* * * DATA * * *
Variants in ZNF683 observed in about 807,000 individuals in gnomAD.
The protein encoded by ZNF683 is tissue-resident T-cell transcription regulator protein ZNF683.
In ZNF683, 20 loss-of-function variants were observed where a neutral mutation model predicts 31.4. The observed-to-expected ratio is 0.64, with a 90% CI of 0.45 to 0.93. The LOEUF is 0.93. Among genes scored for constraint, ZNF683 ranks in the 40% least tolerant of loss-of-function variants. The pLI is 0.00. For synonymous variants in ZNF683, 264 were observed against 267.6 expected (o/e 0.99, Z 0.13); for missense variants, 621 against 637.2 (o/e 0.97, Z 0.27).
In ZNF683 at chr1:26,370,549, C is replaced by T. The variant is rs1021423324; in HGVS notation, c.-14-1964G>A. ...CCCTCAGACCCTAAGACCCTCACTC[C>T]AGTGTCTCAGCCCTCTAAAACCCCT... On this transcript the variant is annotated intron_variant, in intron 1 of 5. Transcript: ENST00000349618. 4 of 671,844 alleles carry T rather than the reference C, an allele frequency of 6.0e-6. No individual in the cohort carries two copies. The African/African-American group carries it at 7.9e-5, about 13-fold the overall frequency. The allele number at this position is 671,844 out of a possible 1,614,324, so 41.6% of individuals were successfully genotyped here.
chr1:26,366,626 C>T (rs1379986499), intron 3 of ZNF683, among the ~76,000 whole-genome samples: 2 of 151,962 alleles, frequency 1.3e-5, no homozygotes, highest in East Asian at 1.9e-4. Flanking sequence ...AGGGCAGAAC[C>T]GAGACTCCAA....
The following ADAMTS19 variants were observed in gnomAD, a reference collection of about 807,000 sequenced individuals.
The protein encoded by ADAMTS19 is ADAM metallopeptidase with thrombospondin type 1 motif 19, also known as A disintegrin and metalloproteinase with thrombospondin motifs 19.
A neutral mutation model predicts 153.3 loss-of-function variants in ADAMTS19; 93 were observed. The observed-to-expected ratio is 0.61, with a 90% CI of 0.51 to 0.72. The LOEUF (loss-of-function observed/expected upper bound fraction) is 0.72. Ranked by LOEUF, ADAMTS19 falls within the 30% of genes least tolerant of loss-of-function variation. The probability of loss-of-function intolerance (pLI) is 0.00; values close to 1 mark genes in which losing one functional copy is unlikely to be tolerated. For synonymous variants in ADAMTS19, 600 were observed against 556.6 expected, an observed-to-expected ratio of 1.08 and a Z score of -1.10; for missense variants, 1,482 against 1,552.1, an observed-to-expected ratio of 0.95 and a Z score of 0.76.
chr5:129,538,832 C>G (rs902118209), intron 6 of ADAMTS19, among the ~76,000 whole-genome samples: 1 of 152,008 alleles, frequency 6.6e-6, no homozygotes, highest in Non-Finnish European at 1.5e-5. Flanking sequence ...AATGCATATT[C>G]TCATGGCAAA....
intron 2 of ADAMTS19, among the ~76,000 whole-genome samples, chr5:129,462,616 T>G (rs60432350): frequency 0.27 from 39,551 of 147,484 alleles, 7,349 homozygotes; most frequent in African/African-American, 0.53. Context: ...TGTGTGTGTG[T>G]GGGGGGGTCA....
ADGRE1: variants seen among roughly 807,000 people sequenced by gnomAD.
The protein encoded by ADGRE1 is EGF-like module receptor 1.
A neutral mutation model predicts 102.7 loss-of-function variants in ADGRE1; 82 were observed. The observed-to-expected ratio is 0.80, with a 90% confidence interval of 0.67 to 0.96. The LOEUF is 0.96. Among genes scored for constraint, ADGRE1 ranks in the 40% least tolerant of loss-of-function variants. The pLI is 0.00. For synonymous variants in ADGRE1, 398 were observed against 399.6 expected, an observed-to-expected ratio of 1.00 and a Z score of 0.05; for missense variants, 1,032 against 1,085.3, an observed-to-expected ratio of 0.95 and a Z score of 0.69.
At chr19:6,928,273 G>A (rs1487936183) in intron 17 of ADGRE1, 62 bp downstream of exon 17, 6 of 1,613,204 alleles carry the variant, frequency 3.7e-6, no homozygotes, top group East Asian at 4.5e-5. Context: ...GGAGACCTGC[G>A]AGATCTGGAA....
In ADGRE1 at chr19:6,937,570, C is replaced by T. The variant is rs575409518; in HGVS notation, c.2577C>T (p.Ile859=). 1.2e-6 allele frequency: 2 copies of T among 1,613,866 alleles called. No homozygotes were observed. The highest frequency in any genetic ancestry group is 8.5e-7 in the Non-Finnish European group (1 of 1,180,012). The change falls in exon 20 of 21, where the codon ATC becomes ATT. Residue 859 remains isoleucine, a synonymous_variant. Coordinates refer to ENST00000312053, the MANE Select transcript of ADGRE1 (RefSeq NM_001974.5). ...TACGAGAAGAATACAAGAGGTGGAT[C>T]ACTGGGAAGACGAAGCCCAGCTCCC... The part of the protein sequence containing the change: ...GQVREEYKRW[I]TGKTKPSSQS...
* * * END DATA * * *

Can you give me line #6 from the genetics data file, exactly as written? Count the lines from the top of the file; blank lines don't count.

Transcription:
The following ADAMTS19 variants were observed in gnomAD, a reference collection of about 807,000 sequenced individuals.